Thursday, September 6, 2007
HealthRight Launches New Initiative for Mothers and Newborn Children in Rural Kenya
The Partnership for Maternal and Neonatal Health will build local systems and capacity to address high rates of maternal and neonatal mortality.
HealthRight staff and partners at the MNH launch
WEST POKOT, Kenya - On September 5, 2007, HealthRight International (formerly Doctors of the World-USA), local partners, and members of the West Pokot community gathered at the Evangelical Lutheran Church in Kapenguria, Kenya, to mark the launch of HealthRight’s latest project in Kenya, the Partnership for Maternal and Neonatal Health. This new initiative will save lives and improve health services for women and children in the West Pokot District by improving access to maternal and newborn health services. The project, made possible by a generous grant from USAID, will build on HealthRight’s continuing efforts over nearly three years to strengthen the local health system’s capacity to address the HIV/AIDS epidemic in the community.
The West Pokot region, populated by members of the Pokot ethnic minority, displays some of the worst health indicators in Kenya – particularly for women and children. The maternal mortality rate in the district is estimated at 565 deaths per 100,000 births, and neonatal mortality is more than 87 per 1,000 live births – compared to nationwide rates in Kenya of 414 deaths per 100,000 births and 29 per 1,000 live births respectively. Yet even these disturbing figures are considered to be an underestimate due to lack of data on maternal and newborn deaths in the community.
“HealthRight was the first NGO we had in a long time that wanted to look at maternal health with child health,” said Sheila Macharia, Reproductive Health Specialist at USAID and point person for all USAID Child Survival and Health projects in Kenya. “[HealthRight] has done health system surveys and they have gone to the community.”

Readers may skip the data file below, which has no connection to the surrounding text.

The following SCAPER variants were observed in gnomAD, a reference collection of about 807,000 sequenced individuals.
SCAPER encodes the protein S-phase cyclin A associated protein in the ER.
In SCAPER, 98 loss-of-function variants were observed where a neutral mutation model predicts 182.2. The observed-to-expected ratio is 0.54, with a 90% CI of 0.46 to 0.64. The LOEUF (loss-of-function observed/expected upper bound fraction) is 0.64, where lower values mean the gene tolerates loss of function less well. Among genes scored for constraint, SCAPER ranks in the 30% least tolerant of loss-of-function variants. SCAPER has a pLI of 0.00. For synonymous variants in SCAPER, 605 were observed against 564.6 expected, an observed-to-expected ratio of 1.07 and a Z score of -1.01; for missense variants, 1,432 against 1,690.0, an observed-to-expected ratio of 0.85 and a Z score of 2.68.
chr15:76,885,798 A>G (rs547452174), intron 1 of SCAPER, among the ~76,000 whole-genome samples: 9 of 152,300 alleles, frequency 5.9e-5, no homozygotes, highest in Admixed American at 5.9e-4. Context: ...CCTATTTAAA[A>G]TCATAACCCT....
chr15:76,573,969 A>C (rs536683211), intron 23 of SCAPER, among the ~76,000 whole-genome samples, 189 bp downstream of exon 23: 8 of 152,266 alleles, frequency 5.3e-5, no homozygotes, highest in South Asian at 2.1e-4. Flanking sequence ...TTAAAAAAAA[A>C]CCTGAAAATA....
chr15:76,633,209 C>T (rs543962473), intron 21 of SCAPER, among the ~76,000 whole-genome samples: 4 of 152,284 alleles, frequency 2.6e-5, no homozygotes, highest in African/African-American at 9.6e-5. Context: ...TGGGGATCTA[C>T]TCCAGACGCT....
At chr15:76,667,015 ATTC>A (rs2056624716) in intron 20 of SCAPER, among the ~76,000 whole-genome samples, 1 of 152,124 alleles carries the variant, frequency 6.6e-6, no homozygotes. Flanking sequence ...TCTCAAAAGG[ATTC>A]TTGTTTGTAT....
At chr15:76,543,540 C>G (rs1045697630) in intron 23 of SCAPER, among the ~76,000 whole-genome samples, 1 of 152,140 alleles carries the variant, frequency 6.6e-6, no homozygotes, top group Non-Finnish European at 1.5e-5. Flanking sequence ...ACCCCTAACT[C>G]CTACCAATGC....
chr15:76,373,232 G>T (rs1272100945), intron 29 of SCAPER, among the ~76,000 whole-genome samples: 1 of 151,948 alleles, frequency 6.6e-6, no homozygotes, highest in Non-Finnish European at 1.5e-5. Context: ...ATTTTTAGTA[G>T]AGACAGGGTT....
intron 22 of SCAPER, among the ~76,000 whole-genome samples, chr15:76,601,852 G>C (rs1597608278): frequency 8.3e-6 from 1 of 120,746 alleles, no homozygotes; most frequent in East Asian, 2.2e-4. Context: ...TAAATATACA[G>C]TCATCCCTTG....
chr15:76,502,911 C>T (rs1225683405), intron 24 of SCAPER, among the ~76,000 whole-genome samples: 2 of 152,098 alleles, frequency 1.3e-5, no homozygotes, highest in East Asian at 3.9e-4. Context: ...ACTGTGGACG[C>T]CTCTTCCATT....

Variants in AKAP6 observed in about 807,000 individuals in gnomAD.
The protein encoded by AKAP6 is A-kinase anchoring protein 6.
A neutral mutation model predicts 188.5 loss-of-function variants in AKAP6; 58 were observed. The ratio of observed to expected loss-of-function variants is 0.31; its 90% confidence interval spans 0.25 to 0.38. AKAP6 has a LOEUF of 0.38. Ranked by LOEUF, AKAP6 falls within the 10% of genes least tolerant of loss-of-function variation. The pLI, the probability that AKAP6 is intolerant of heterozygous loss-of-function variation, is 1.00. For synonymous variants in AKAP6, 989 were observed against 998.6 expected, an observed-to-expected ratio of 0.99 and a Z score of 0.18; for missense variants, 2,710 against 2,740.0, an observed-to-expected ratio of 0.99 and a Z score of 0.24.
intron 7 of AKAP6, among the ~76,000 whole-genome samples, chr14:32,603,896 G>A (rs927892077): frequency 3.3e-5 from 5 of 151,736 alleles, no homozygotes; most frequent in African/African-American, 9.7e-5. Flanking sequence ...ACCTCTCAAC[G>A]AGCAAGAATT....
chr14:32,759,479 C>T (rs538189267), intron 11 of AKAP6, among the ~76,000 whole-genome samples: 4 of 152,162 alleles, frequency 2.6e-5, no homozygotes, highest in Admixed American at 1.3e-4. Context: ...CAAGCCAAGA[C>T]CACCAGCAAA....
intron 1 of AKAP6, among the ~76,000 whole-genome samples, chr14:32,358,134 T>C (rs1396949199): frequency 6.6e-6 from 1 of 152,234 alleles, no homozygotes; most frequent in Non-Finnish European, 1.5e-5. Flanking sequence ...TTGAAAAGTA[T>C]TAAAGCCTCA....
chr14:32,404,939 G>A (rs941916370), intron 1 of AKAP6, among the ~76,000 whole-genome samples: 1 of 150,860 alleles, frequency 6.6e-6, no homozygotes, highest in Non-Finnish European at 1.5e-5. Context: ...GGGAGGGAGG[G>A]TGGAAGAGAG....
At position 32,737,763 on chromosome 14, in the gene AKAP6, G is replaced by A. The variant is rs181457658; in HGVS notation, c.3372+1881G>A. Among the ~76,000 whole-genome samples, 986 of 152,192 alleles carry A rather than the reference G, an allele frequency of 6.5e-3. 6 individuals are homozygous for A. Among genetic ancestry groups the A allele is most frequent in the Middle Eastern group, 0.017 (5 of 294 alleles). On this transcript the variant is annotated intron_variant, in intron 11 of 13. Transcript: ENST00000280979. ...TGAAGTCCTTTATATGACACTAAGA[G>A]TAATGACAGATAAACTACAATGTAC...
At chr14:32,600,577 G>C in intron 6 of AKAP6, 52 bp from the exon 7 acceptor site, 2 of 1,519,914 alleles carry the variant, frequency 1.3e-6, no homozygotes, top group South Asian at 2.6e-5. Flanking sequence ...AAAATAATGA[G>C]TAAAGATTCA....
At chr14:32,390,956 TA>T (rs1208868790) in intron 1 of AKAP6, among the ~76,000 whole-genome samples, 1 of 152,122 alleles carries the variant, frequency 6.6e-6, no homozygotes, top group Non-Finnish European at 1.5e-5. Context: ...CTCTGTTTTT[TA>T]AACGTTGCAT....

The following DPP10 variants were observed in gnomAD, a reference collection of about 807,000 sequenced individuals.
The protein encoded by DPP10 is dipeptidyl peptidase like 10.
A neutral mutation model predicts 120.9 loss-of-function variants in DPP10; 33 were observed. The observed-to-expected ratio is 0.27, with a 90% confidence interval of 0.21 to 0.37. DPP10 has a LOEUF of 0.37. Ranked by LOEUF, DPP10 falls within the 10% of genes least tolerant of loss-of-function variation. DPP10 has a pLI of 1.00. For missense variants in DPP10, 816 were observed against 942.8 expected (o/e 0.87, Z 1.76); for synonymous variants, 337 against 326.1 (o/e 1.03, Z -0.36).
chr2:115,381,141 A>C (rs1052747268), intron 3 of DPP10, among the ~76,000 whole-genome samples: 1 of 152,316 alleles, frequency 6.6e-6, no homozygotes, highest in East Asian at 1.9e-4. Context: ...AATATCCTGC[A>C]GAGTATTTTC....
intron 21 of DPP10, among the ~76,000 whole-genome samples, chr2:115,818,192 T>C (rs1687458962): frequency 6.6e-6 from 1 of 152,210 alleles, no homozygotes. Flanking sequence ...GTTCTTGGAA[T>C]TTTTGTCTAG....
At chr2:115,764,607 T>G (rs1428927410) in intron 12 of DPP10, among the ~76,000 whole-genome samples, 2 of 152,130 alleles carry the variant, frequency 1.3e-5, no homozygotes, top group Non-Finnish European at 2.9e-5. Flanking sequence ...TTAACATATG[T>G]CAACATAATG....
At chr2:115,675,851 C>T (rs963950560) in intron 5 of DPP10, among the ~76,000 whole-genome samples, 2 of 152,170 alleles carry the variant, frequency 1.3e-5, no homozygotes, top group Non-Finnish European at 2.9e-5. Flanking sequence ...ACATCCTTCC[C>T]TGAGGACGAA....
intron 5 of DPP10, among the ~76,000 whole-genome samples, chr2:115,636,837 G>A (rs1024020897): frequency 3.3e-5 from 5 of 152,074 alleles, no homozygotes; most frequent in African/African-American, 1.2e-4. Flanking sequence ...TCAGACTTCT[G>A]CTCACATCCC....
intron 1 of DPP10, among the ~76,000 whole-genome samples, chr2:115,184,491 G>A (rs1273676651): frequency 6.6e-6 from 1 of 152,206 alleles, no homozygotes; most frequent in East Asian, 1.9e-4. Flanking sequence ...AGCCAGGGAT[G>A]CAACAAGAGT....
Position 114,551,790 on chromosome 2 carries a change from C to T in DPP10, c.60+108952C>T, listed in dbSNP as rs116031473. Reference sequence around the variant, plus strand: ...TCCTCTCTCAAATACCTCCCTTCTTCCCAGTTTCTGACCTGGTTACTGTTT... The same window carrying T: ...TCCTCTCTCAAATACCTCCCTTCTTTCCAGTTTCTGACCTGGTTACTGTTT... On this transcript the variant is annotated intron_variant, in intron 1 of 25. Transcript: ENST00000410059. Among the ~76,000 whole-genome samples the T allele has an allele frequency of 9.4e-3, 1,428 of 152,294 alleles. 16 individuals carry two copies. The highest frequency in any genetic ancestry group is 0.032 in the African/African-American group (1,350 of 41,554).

Women and children die unnecessarily as the lack of health services exacerbates poverty and illness. An assessment performed by HealthRight in 2006 showed that few of the services recommended by both the Kenyan Ministry of Health (MOH) and the World Health Organization were offered by health facilities in the region. Women continue to give birth in their homes and cannot access medical care in case of an emergency. The long distances to health facilities and lack of transportation in the region prevent many from visiting clinics and hospitals.
Changing community attitudes and practices. An assessment conducted by HealthRight in February 2007 revealed that less than 12% of women seek institutional deliveries due to a variety of factors, from poverty to a reliance on traditional birth attendants. The new project will work to deconstruct long-held practices and encourage women to utilize vital health services.
“It is unacceptable that so many women and newborn children are dying preventable deaths or suffering unnecessarily,” said HealthRight Program Director Vandana Tripathi. “Our goal is to ensure not only that services are available in the region, but that systems are in place enabling women to access life-saving care.”
The Partnership for Maternal and Neonatal Health will build the capacity of local health providers to provide basic services and emergency obstetric care. HealthRight will train staff at regional clinics and at the main district hospital in ante- and pre-natal care and safe delivery practices. Mobile outreach services will reach those in isolated areas, providing basic care and immunizations. The project will also develop a new information system, remedying the lack of data on births and deaths and enabling the district to quantify its health needs.